September 19, 2012 / 6:46 PM / 7 years ago

TEXT-S&P rates Harvard Drug Group

(The following statement was released by the rating agency)

Overview
     -- Harvard Drug Group, a U.S. generic-focused pharmaceutical distributor, 
is acquiring an undisclosed virtual generic drug manufacturer for $117.5 
million.
     -- At the same time, the company is also refinancing its $155 million of 
existing first-lien debt; its $65 million (unrated) unsecured loan will remain 
outstanding.
     -- Harvard Drug plans to raise capital through an undrawn $35 million 
first-lien senior secured revolving credit facility maturing in 2017 and a 
$300 million first-lien senior secured term loan B maturing in 2019.
     -- We are assigning our 'B+' issue-level and '2' recovery ratings to the 
company's new senior secured revolver and term loan and are affirming our 'B' 
corporate credit rating on Harvard Drug.
     -- Our stable rating outlook reflects our belief that the acquisition of 
a virtual generic drug manufacturer is a logical extension to Harvard Drug but 
that the company's "highly leveraged" financial risk profile will be a 
limiting factor for the rating.

Rating Action
On Sept. 19, 2012, Standard & Poor's Ratings Services assigned its 'B+' 
issue-level rating (one notch higher than the corporate credit rating) to 
Generic Drug Holdings Inc.'s (the holding company of Livonia, Mich.-based 
Harvard Drug Group LLC) proposed $35 million revolving credit facility 
maturing in 2017 and $300 million senior secured term loan B maturing in 2019. 
The recovery rating on these credit facilities is '2', indicating our 
expectation for substantial (70%-90%) recovery in the event of payment 
default. 

We also affirmed our 'B' corporate credit rating on Harvard Drug. The rating 
outlook is stable.

We believe that the acquisition is a complementary fit to Harvard Drug's 
existing proprietary-label generic drug business and will not substantially 
alter our view of the company's "highly leveraged" financial risk profile. 

Rationale
The ratings on Harvard Drug reflect what Standard & Poor's considers its 
"weak" business risk and highly leveraged financial risk profiles, according 
to our criteria. The business risk profile incorporates Harvard Drug's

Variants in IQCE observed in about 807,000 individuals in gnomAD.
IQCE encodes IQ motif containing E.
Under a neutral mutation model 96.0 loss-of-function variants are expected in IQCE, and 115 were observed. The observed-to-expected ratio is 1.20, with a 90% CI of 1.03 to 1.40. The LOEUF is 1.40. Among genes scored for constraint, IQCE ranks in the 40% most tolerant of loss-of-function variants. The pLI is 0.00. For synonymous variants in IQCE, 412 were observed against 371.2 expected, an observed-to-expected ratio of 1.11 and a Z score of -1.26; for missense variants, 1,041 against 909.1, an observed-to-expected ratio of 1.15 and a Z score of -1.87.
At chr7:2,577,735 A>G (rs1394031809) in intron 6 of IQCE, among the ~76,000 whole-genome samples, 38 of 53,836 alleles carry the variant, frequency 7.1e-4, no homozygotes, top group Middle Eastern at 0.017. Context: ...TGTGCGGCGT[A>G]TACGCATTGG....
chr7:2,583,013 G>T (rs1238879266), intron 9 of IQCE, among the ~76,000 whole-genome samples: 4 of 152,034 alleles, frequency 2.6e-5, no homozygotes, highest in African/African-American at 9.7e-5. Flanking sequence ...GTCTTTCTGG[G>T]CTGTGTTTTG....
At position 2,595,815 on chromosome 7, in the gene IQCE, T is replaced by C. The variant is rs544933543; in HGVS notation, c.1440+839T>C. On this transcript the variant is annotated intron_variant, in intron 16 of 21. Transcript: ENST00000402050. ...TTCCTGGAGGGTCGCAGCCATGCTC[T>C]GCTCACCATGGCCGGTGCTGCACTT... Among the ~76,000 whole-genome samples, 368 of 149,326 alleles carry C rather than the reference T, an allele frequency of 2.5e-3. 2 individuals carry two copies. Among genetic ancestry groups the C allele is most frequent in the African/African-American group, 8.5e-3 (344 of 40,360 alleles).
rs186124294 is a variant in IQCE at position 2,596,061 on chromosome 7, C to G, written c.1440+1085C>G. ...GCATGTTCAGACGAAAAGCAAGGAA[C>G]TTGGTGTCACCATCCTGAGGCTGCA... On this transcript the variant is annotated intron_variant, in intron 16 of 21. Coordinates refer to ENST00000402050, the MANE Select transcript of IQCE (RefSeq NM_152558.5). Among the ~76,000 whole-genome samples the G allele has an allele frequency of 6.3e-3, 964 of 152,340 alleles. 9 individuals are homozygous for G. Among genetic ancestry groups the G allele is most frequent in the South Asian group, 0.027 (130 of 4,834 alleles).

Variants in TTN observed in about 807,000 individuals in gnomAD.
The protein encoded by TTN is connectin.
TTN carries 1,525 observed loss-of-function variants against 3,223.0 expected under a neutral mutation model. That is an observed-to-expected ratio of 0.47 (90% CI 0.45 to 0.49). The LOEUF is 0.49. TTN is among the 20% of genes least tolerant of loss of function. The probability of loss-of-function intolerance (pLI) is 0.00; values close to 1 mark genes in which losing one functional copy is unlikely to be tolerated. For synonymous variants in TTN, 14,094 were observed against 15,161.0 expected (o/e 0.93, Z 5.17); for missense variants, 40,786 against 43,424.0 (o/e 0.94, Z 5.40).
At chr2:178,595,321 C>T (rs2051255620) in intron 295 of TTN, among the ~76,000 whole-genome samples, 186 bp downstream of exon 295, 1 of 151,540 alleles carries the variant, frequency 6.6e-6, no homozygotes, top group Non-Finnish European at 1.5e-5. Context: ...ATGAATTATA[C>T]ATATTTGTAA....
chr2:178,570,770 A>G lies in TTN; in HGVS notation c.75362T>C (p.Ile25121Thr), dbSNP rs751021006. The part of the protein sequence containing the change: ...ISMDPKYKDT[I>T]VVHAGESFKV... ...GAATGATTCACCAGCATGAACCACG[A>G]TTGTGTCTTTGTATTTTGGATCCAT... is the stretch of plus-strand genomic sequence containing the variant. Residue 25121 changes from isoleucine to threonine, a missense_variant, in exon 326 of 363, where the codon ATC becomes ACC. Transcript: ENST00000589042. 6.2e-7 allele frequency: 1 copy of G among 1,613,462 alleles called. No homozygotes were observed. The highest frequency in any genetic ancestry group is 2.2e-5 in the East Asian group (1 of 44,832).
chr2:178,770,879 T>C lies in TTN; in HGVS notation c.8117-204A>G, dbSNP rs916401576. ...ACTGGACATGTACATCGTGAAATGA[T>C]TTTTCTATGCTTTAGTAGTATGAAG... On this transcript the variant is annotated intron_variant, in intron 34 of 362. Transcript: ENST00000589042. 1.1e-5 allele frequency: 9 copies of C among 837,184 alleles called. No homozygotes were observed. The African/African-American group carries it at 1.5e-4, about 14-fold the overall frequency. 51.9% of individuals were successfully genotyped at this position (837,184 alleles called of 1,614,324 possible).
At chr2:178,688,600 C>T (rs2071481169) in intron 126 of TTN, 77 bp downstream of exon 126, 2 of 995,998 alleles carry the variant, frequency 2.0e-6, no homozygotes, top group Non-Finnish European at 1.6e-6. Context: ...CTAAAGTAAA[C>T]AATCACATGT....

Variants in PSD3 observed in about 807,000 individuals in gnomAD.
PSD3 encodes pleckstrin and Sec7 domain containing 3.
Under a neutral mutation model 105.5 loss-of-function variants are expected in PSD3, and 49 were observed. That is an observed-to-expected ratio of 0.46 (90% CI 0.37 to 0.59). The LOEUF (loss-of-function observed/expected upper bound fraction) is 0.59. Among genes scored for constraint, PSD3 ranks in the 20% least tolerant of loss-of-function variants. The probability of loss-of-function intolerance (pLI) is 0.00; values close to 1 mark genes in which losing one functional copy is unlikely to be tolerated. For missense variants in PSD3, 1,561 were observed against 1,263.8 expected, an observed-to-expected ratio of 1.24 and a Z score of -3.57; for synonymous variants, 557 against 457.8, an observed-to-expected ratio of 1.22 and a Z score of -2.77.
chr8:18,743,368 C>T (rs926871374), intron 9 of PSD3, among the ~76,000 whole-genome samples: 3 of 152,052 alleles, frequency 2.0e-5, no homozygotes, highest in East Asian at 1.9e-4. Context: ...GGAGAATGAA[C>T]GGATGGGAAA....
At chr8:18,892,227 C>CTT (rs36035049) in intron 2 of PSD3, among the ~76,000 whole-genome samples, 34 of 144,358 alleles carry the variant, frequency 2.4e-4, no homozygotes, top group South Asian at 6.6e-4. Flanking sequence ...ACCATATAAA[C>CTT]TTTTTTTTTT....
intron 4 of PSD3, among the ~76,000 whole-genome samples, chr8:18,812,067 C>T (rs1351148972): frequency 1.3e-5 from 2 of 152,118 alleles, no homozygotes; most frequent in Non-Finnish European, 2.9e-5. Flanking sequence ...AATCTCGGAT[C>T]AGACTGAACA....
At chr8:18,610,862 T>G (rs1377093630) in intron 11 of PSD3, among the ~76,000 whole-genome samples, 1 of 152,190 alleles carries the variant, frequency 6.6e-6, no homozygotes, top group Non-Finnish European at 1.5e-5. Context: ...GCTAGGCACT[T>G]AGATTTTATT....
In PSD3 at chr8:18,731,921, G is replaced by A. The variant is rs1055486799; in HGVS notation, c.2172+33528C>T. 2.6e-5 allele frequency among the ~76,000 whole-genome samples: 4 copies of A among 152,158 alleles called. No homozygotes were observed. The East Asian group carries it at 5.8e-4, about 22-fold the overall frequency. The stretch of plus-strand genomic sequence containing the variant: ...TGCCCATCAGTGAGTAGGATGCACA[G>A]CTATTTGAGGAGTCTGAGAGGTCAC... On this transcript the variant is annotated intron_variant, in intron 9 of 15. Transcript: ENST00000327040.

relative small scale and niche position, while the financial risk profile 
predominantly reflects its substantial adjusted debt.

We believe the company's financial risk profile will remain the primary 
limiting factor on the rating, despite our expectations for increased revenue 
through generic drug introductions and the expanded use of the company's 
proprietary-label drugs. Harvard Drug's revenues declined significantly in 
2011 as it exited a portion of its low-profit branded drug distribution 
business. Despite these sales losses, it substantially increased EBITDA, 
EBITDA margins, and cash flow.

Thus far in 2012, Harvard Drug's revenue growth has met expectations; margins 
have underperformed our initial expectations for modest expansion. We believe 
2012 revenues will grow organically (excluding the impact of the acquisition) 
in the low-double digits as a result of increased proprietary-label generic 
drug sales and the nearly completed partial exit from branded drugs. We also 
believe organic revenue growth will revert to low-single digits in 2013, but 
will be well into double digits with the inclusion of the acquisition. We 
project 2012 EBITDA margins on Harvard Drug's existing business will be down 
slightly, but could improve somewhat in 2013 as modest synergies are realized 
as part of the acquisition. 

The highly leveraged financial risk profile overwhelmingly reflects Harvard 
Drug's high adjusted debt leverage; adjusted pro forma debt to EBITDA is over 
7x. We treat the company's class L common stock as debt, adding roughly 3x 
debt to EBITDA to our debt leverage calculation. Still, given the debt-like 
treatment of the class L stock, we believe Harvard Drug's financial risk 
profile is unlikely to quickly improve, given the 10% accretion rate and 2% 
pay-in-kind (PIK) feature on its unsecured mezzanine notes. The term loan 
amortizes at only 1% annually, but mandatory excess cash flow payments under 
the secured credit facility should help further reduce reported debt. However, 
the growing PIK obligations likely will offset any reductions in debt or 
EBITDA growth on a fully adjusted basis. We believe the company could remain 
acquisitive, which might delay an improvement in its financial risk profile.

Harvard Drug's weak business risk profile reflects its niche position and 
relatively small size in an industry dominated by three large competitors: 
McKesson Corp., AmerisourceBergen Corp., and Cardinal Health Inc. Harvard Drug